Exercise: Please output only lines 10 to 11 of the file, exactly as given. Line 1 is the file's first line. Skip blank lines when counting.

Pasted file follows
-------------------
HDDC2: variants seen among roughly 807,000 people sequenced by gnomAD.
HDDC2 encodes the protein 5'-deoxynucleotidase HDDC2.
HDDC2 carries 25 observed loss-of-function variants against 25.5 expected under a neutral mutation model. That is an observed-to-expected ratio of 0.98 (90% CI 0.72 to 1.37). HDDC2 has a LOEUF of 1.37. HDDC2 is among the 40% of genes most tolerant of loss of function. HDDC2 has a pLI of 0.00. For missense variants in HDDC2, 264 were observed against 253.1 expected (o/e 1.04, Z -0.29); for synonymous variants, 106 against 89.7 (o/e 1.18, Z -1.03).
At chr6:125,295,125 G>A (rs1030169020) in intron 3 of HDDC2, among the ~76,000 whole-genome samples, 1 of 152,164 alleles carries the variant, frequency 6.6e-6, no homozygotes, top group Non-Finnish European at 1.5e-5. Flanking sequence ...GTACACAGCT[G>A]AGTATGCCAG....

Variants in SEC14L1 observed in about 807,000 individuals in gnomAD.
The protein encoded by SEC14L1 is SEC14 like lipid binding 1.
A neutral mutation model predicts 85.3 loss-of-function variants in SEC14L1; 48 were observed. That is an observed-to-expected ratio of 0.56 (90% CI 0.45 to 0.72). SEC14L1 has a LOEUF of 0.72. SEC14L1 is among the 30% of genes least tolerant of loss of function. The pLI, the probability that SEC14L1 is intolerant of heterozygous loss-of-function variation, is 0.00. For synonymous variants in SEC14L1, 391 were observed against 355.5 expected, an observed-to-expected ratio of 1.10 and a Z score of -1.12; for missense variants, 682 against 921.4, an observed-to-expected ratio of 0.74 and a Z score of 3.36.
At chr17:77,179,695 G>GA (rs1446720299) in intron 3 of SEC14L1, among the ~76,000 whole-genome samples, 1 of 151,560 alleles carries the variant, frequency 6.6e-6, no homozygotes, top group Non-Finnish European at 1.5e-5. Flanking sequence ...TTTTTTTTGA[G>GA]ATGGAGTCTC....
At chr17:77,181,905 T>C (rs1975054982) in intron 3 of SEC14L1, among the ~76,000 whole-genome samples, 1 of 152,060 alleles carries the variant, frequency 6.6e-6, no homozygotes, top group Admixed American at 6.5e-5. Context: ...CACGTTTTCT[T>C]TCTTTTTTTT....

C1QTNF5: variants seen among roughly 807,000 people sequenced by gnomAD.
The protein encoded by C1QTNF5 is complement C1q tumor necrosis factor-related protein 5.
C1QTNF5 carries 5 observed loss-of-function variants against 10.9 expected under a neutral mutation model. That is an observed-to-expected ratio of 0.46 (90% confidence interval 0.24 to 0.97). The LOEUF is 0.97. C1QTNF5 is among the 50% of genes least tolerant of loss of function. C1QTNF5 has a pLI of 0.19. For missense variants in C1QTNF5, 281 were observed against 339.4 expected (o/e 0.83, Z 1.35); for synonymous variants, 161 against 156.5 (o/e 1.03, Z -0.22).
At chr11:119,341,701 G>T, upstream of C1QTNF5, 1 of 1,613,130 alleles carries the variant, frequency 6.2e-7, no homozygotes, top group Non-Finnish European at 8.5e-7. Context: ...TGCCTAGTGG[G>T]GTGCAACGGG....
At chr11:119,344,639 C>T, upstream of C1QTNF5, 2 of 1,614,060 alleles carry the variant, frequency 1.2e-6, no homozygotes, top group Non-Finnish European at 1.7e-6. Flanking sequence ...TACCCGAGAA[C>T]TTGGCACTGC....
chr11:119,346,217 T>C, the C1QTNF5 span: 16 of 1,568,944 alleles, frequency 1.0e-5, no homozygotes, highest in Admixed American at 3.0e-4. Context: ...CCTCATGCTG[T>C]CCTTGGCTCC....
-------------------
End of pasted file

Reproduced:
C1QTNF5: variants seen among roughly 807,000 people sequenced by gnomAD.
The protein encoded by C1QTNF5 is complement C1q tumor necrosis factor-related protein 5.